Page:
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Are we Better Off if our Politicians Have More Information?

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  • Lagerlöf, Johan N.M.

Abstract

This Paper studies a model of public policy with heterogeneous citizens/voters and two public goods: one (roads) is chosen directly by an elected policy-maker, and the other (pollution) depends stochastically on the amount of roads. Both a one-country and a two-country version of the model are analysed, the latter displaying externalities across the countries, which creates incentives for free-riding and strategic delegation. The welfare effects of providing the policy-maker with information about the relationship between roads and pollution are investigated, and it is shown that more information hurts some – sometimes even all – citizens. In particular, the opportunity not to build an institution for information gathering can serve as a commitment device for a country, although with the unfortunate effect of making the overall outcome even worse. Implications for the welfare effects of ‘informational lobbying’ are discussed.

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Paper provided by C.E.P.R. Discussion Papers in its series CEPR Discussion Papers with number 3884.

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Date of creation: May 2003
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Handle: RePEc:cpr:ceprdp:3884

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Keywords: informational lobbying; interest groups; public information acquisition; strategic delegation; value of information; welfare;

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References

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  1. Torsten Persson & Guido Tabellini, . "Political Economics and Macroeconomic Policy," Working Papers 121, IGIER (Innocenzo Gasparini Institute for Economic Research), Bocconi University.
  2. Sakai, Yasuhiro, 1985. "The value of information in a simple duopoly model," Journal of Economic Theory, Elsevier, vol. 36(1), pages 36-54, June.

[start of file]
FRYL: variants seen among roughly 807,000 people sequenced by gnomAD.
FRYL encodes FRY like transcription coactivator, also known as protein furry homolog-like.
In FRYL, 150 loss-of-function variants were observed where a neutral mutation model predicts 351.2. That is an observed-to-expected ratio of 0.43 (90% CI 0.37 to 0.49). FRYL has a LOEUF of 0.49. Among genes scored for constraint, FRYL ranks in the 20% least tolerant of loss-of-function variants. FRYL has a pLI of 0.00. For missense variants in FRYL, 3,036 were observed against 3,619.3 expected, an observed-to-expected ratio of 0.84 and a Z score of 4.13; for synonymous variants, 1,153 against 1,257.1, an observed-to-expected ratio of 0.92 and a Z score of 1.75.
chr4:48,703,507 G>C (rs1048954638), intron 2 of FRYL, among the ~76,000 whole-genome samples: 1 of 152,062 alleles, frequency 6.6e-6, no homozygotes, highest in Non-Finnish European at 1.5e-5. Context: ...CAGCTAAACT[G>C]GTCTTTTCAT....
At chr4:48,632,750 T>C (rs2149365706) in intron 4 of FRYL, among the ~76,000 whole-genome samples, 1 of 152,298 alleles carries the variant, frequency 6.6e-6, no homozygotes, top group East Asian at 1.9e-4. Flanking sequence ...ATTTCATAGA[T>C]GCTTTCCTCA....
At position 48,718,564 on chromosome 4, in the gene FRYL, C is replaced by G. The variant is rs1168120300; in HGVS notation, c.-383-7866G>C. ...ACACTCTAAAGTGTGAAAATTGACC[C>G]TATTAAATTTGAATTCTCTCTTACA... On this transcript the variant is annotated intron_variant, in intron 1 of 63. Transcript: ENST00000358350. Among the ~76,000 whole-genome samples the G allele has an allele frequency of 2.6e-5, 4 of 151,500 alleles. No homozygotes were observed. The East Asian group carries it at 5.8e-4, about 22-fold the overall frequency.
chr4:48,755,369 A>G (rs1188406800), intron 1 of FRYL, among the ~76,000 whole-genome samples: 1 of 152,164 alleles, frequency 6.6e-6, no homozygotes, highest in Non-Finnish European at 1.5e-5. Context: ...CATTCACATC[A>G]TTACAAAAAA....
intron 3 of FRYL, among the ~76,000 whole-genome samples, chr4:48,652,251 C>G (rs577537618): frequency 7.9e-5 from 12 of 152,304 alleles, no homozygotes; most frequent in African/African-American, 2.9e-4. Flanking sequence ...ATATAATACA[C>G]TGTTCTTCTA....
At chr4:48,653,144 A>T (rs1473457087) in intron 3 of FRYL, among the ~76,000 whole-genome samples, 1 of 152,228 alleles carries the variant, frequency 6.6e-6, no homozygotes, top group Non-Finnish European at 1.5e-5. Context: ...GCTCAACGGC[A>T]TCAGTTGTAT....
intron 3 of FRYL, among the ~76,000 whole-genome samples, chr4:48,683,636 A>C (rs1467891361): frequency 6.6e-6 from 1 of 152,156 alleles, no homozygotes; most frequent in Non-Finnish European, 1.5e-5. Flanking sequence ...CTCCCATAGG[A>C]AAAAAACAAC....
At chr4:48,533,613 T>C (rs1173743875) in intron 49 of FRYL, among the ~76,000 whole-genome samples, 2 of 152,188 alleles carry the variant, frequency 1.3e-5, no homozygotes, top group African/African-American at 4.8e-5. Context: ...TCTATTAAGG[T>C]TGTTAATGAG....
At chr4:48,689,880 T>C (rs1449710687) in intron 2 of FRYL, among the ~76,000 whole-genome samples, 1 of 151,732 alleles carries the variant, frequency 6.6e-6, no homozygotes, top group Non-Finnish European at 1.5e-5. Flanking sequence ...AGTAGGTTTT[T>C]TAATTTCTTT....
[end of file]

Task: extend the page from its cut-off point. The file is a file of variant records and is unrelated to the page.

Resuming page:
3. Heidhues, Paul & Lagerlof, Johan, 2003. "Hiding information in electoral competition," Games and Economic Behavior, Elsevier, vol. 42(1), pages 48-74, January.
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  5. Reed, W Robert, 1989. "Information in Political Markets: A Little Knowledge Can Be a Dangerous Thing," Journal of Law, Economics and Organization, Oxford University Press, vol. 5(2), pages 355-74, Fall.
  6. Johan Lagerlöf, 1999. "Costly Information Acquisition and Delegation to a "Liberal" Central Banker," CIG Working Papers FS IV 99-18, Wissenschaftszentrum Berlin (WZB), Research Unit: Competition and Innovation (CIG).
  7. Persson, Torsten & Tabellini, Guido, 1991. "The Politics of 1992: Fiscal Policy and European Integration," CEPR Discussion Papers 501, C.E.P.R. Discussion Papers.
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  9. Potters, J.J.M. & Winden, F. van, 1992. "Lobbying and asymmetric information," Open Access publications from Tilburg University urn:nbn:nl:ui:12-223989, Tilburg University.
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  11. Hirshleifer, Jack, 1971. "The Private and Social Value of Information and the Reward to Inventive Activity," American Economic Review, American Economic Association, vol. 61(4), pages 561-74, September.
  12. Nahum D. Melumad & Toshiyuki Shibano, 1991. "Communication in Settings with No. Transfers," RAND Journal of Economics, The RAND Corporation, vol. 22(2), pages 173-198, Summer.
  13. Putnam, Robert D., 1988. "Diplomacy and domestic politics: the logic of two-level games," International Organization, Cambridge University Press, vol. 42(03), pages 427-460, June.
  14. Gersbach, Hans, 1991. "The value of public information in majority decisions," Economics Letters, Elsevier, vol. 35(3), pages 239-242, March.
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  16. Cremer, Jacques, 1995. "Arm's Length Relationships," The Quarterly Journal of Economics, MIT Press, vol. 110(2), pages 275-95, May.
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Cited by:
  1. Catherine C. Eckel & Ragan Petrie, 2011. "Face Value," American Economic Review, American Economic Association, vol. 101(4), pages 1497-1513, June.

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